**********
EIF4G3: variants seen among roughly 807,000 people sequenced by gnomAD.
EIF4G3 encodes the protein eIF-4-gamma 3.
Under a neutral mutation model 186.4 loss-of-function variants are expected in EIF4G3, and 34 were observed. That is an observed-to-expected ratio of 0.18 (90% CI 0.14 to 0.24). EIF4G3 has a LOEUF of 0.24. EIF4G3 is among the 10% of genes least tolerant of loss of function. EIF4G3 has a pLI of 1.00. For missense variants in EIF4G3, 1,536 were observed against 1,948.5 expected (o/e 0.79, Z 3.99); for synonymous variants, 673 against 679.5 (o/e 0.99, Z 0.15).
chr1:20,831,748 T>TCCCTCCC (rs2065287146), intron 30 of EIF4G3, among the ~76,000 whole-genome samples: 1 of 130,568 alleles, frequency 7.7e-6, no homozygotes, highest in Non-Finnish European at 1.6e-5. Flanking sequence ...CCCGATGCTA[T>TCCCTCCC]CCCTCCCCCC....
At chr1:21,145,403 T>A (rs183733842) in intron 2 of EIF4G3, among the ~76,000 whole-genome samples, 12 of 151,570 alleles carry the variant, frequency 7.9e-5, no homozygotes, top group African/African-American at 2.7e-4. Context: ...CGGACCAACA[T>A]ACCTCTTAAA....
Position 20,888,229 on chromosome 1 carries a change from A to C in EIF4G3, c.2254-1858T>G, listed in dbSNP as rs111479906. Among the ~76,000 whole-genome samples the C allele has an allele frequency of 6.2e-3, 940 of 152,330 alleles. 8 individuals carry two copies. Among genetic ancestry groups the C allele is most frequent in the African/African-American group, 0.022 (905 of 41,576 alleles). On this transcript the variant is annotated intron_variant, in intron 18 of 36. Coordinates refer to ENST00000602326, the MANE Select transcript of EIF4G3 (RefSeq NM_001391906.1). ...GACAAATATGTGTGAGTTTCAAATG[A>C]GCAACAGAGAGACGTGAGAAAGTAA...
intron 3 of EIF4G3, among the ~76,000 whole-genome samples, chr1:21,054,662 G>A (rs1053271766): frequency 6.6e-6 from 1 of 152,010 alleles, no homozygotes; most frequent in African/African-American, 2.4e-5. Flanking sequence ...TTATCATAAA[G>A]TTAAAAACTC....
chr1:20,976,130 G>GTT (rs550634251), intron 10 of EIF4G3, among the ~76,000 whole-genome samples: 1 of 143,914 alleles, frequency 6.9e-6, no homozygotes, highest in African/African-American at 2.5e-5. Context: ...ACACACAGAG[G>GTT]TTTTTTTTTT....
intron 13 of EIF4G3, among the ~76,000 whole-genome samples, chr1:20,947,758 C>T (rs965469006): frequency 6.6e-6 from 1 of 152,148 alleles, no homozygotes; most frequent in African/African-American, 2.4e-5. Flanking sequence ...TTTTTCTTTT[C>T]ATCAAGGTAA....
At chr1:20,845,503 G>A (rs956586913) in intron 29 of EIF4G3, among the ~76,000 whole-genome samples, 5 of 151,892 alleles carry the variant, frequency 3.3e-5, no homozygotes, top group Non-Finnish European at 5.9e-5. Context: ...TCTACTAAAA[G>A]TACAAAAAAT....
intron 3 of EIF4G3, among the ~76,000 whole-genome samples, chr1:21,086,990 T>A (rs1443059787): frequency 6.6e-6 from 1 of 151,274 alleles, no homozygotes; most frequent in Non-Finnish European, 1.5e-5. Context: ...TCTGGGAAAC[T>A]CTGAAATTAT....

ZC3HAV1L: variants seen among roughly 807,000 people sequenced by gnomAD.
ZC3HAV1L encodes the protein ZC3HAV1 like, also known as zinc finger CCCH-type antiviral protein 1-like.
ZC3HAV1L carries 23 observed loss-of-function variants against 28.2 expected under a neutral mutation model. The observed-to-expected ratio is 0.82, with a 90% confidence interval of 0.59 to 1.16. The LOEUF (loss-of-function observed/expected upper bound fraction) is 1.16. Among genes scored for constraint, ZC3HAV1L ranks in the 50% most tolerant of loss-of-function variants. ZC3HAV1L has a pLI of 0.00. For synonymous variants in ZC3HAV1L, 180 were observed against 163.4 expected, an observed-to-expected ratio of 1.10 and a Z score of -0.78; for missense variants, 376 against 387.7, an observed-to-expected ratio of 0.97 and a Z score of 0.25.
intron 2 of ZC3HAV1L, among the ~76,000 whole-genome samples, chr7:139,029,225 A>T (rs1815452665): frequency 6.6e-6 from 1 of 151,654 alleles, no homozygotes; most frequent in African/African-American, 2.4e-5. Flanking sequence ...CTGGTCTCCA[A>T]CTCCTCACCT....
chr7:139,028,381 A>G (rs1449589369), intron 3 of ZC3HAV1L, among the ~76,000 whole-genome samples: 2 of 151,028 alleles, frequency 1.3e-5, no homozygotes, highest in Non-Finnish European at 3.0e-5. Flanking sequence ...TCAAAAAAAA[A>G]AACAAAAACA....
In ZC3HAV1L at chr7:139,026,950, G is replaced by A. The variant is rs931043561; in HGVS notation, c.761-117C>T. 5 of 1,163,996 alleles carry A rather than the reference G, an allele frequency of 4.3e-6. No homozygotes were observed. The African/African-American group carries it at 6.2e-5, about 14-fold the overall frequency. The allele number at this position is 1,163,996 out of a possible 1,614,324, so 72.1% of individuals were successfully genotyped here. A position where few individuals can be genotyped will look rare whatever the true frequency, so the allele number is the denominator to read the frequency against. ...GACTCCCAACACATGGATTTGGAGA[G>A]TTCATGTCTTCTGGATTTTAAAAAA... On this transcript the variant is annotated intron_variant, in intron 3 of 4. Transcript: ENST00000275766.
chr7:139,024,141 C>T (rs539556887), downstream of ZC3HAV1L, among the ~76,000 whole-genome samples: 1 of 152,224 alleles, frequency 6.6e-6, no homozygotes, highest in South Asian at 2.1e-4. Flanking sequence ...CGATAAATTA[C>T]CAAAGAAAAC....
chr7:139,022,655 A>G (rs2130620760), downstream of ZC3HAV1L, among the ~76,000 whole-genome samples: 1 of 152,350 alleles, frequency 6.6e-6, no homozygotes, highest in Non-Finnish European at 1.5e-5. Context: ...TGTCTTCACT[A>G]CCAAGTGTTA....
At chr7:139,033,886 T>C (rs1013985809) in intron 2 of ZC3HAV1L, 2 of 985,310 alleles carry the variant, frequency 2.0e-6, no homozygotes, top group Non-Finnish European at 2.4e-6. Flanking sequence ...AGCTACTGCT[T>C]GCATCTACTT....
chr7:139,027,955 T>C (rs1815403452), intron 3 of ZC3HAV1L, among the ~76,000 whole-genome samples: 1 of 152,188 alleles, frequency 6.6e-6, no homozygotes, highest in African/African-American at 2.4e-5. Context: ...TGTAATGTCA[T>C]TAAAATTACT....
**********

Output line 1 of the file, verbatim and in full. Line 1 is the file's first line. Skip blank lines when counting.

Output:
EIF4G3: variants seen among roughly 807,000 people sequenced by gnomAD.